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How to Protect Yourself against Investment Fraud Schemes (Part 2)
November 15, 2013
As a continuation of How to Protect Yourself against Investment Fraud Schemes (Part 1), the following provides some further information regarding what you can do to protect yourself and your hard-earned money from investment scams, like stock fraud and Ponzi schemes. While Part 1 of this blog discussed some of things that you should ask yourself when you are presented with a so-called “opportunity” to invest in, here in Part 1, we will focus on discussing some tips for you to keep in mind when dealing with individuals or organizations that may be operating an investment fraud scheme.
Before investing your money in any commodity or offer, some specific things to do if you are presented with such an “opportunity” include:
- Researching the presented investment on your own: Do not assume that you are being told the truth about the investment opportunity. Instead, take the time to do some fact checking to find out if this is, in fact, a legitimate investment opportunity. While this may involve online research into the company or product associated with the opportunity, it can also involve making phone calls or visiting the company in person to learn more about what has been presented to you.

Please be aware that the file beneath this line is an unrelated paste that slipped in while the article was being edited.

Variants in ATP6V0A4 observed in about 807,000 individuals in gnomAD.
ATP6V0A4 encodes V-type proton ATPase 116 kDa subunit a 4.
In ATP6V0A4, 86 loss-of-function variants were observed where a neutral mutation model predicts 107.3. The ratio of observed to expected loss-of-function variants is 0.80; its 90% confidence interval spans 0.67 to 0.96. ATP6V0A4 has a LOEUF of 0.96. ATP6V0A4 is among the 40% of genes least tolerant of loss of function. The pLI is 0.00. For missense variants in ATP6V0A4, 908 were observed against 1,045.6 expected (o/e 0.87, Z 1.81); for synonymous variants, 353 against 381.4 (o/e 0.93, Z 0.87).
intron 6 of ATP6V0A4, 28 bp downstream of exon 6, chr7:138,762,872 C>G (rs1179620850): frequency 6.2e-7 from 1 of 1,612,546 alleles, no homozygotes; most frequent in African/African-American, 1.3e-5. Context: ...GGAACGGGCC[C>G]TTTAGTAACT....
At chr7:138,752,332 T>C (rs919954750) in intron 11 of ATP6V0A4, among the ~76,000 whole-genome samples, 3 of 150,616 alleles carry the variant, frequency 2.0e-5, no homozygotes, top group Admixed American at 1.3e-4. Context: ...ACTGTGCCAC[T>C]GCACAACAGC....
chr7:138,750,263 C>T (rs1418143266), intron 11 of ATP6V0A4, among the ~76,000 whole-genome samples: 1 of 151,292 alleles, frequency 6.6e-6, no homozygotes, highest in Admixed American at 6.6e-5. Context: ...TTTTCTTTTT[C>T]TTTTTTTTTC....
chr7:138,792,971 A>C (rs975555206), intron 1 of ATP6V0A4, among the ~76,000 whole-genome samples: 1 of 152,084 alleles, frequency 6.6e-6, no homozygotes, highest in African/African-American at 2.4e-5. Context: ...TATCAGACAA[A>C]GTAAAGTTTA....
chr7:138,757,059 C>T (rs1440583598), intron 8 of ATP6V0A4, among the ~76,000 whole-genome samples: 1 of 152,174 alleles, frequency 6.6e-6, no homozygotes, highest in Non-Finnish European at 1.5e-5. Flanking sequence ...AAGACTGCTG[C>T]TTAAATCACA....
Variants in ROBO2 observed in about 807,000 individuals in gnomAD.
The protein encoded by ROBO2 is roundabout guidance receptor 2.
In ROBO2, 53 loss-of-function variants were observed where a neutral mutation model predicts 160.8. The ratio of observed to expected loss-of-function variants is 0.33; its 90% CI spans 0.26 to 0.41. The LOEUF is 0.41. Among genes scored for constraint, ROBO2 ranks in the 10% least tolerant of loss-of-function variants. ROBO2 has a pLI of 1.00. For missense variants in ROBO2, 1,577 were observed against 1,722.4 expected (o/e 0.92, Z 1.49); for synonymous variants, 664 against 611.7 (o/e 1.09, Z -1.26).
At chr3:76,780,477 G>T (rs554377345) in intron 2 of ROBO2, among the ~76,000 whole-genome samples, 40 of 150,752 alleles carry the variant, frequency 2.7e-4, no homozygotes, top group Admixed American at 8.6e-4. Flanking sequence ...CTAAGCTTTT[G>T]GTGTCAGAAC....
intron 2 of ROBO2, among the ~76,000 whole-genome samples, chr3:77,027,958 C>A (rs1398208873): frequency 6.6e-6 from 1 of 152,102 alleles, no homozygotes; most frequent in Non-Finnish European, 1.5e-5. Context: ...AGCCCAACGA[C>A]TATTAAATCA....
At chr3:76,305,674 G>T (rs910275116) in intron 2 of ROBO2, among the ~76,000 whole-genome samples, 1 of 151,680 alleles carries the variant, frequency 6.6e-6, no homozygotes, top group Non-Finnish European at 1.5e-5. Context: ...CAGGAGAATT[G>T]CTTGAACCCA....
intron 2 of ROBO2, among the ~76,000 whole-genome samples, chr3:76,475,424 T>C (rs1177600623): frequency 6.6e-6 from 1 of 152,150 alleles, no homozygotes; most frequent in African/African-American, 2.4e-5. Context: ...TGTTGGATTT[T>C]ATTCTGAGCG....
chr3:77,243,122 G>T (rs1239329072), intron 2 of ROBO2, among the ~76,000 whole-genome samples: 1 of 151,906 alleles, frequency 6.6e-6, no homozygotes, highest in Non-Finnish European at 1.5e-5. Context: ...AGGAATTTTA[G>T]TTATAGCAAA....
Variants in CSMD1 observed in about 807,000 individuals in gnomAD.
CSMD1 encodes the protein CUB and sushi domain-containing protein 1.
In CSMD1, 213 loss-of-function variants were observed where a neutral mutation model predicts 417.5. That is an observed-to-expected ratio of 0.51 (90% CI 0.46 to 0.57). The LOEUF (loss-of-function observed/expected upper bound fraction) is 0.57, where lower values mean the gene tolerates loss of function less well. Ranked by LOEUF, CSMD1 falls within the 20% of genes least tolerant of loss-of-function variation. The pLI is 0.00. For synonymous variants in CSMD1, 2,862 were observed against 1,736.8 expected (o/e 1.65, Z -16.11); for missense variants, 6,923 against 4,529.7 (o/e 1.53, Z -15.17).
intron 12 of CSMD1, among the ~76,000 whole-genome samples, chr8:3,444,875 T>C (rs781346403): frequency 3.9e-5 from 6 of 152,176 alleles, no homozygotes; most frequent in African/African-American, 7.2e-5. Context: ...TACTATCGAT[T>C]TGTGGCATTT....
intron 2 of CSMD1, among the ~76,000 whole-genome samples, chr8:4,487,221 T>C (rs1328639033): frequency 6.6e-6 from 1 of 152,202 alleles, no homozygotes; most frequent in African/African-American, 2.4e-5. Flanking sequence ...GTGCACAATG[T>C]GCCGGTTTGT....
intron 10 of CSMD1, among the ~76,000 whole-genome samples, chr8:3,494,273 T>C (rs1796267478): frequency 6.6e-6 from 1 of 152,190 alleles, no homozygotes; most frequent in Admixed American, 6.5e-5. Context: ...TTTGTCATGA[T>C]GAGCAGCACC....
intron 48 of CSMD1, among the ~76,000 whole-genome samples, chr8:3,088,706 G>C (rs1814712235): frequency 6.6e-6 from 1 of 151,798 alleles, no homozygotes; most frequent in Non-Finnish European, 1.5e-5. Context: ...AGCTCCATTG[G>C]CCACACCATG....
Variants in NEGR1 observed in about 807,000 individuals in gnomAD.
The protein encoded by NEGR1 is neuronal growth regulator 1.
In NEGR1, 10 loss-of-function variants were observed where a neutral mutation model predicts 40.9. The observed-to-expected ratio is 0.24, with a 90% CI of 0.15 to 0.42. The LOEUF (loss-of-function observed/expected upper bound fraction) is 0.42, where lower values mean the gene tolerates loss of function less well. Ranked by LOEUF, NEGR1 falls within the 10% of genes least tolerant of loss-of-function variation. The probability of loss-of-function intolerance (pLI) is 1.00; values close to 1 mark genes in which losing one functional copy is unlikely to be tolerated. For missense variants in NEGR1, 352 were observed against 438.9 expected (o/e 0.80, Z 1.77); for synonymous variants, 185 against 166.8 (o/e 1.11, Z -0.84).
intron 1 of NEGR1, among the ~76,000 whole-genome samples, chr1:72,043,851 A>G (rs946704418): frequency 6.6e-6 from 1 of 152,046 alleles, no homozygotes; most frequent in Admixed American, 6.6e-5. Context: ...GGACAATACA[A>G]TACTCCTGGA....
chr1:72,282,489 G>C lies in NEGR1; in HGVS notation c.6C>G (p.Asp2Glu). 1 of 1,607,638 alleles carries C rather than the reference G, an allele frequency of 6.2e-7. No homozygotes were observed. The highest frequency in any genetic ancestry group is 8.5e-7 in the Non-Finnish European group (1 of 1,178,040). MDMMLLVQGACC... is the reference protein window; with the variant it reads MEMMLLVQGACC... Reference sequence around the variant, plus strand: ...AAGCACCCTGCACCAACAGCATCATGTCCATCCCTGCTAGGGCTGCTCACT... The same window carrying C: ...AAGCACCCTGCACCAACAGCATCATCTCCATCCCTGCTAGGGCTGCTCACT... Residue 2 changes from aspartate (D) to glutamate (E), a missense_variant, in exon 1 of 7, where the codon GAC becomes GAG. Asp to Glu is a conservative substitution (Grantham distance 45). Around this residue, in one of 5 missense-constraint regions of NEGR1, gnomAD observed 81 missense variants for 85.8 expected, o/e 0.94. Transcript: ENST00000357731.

- Researching the individual who presented the investment: Again, do not assume that person who is presenting you with this potential investment is telling you the truth about who he is, his experience, etc. You may find, after some research, that this individual is not affiliated with others who he claims to have connects with, does not hold professional licenses that he may claim to possess and/or has a shady past or even a criminal record.
- Checking up on the company with local and federal authorities: This can inform you about whether there have been previous complaints against or problems with the company running the investment opportunity. Be sure to check with the Better Business Bureau, as well as the Department of Justice, to see if any formal complaints or legal action has been taken against the company or its owners.
- Asking for written financial information from the company: Financial records for a company should be publically available for publically traded companies, and legitimate firms with legitimate investment opportunities will have no problem providing this information.
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